Similarly, the concept of lean manufacturing refers to eliminating waste in the manufacturing process. The Toyota Product System is the model for modern manufacturers that want to control waste. In this unit, we will look at seven types of waste and processes for controlling them. In addition, we will explore the origins of the "Just-in-Time" (JIT) philosophy and the use of pull systems to control inventory.

    Completing this unit should take you approximately 4 hours.

  • 6.1: Lean Manufacturing

    • Read this article. Pay close attention to the connection between strategic decision-making and the use of Lean tools. Lean practices are useful in manufacturing and service industries. Lean can be complicated to implement. This article is useful because it provides information on some of the challenges that you might face when implementing Lean practices within an organization. 

    • Read this article about the use of Lean Manufacturing related to system dynamics. Technology use is important to Lean Manufacturing and this article explores the relationship of technology improvement on Lean Manufacturing. Pay particular attention to how technology can be utilized to help eliminate waste.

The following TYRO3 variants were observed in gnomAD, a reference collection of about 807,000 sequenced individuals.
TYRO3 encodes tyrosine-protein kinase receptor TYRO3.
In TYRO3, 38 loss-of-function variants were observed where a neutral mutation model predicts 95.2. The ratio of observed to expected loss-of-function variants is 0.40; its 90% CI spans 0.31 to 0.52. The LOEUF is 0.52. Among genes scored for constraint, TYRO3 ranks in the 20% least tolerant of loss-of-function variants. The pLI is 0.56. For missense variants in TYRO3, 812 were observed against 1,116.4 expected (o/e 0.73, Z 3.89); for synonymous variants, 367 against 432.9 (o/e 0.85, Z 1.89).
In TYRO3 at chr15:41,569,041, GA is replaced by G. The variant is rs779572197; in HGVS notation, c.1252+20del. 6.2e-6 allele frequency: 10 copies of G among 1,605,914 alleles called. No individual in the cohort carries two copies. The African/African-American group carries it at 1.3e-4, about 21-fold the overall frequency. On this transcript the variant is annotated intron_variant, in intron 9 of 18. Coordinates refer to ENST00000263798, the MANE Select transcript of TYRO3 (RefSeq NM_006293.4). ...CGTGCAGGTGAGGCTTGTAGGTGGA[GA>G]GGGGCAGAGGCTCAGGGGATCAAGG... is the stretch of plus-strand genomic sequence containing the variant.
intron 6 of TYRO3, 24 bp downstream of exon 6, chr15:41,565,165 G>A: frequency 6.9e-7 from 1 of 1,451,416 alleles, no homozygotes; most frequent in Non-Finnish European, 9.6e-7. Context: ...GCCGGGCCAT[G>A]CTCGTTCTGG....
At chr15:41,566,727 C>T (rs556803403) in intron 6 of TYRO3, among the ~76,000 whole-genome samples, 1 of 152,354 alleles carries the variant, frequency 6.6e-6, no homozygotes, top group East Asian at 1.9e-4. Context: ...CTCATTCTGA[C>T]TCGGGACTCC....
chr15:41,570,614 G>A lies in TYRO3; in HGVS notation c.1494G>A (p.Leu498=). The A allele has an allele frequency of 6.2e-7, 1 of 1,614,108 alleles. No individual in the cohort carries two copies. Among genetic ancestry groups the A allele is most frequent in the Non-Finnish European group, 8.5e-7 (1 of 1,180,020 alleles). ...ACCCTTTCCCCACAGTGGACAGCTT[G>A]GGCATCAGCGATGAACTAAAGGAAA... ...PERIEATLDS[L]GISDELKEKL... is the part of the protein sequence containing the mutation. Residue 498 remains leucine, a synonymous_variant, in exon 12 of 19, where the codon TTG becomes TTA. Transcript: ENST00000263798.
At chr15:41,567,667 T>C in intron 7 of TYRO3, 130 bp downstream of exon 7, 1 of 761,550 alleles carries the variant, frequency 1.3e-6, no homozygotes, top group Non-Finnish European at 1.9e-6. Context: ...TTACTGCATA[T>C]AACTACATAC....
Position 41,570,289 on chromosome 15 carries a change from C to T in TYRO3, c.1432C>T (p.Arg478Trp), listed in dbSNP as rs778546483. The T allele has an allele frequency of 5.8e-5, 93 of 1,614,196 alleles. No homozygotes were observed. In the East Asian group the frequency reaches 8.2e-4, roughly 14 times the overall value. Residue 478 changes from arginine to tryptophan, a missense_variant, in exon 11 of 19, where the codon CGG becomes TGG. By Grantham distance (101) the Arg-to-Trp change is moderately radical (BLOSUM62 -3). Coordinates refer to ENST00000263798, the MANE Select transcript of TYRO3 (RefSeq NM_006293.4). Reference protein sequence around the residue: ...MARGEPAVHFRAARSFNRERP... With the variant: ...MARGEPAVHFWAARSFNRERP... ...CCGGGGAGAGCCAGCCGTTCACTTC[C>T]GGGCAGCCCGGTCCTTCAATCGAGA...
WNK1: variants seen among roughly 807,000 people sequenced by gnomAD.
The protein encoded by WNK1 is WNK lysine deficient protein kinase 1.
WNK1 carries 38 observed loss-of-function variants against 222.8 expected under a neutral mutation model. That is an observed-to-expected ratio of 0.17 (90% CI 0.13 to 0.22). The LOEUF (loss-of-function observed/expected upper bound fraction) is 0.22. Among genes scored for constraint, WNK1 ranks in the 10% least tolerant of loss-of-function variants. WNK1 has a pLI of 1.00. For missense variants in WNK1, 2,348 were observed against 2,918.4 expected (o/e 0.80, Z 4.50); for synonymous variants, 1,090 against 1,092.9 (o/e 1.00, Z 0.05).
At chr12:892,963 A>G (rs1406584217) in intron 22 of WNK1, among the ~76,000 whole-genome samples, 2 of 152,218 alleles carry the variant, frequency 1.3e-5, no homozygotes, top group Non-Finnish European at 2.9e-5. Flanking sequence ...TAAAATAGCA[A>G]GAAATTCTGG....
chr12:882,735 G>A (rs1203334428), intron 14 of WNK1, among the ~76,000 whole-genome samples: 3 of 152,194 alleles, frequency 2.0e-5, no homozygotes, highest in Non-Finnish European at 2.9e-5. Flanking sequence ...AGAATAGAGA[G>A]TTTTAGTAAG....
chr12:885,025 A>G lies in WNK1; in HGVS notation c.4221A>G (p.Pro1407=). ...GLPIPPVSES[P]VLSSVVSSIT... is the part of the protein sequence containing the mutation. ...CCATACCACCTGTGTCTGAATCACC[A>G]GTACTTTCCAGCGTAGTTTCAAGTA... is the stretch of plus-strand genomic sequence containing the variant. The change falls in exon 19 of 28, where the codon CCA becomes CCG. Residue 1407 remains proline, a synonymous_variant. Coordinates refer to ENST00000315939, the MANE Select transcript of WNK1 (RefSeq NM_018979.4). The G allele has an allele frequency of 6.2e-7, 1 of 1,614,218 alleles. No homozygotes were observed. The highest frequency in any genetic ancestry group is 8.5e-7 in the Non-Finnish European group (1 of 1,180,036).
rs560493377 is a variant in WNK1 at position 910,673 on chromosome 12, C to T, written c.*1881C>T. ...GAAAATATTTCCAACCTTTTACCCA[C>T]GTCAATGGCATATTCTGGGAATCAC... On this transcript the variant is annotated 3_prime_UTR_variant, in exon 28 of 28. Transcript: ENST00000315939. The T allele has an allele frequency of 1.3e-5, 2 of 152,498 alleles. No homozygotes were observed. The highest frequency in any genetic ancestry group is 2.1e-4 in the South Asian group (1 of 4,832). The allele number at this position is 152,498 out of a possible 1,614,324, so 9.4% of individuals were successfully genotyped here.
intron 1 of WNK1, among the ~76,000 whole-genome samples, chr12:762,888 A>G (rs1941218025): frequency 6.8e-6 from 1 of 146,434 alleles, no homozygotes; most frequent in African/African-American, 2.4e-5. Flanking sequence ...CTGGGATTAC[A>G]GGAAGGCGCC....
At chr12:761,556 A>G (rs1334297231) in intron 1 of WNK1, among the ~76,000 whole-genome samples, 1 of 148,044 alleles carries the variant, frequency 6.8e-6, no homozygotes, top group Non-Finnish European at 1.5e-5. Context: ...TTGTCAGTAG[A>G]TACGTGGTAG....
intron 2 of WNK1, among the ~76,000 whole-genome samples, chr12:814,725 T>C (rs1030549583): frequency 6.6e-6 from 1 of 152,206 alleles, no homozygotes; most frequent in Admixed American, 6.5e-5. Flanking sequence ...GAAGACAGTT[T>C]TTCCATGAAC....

• Watch this video to review the use of Lean methods in the manufacturing process to reduce waste and increase continuous quality improvement. Waste can be placed in eight different categories. This video is useful because of the guidance it provides in avoiding pitfalls that have hindered organizations from successfully using Lean methods to increase CQI.

    • Read this section to better understand the application of Lean. Pay particular attention to the five core principles of Lean. This starts by defining value from the customer’s perspective. Lean methods are not hard, but require that you truly understand what waste is within your organization.  This provides the foundation for choices that improve efficiency and effectiveness. Complete exercise five at the end of the section. This is a self-graded activity.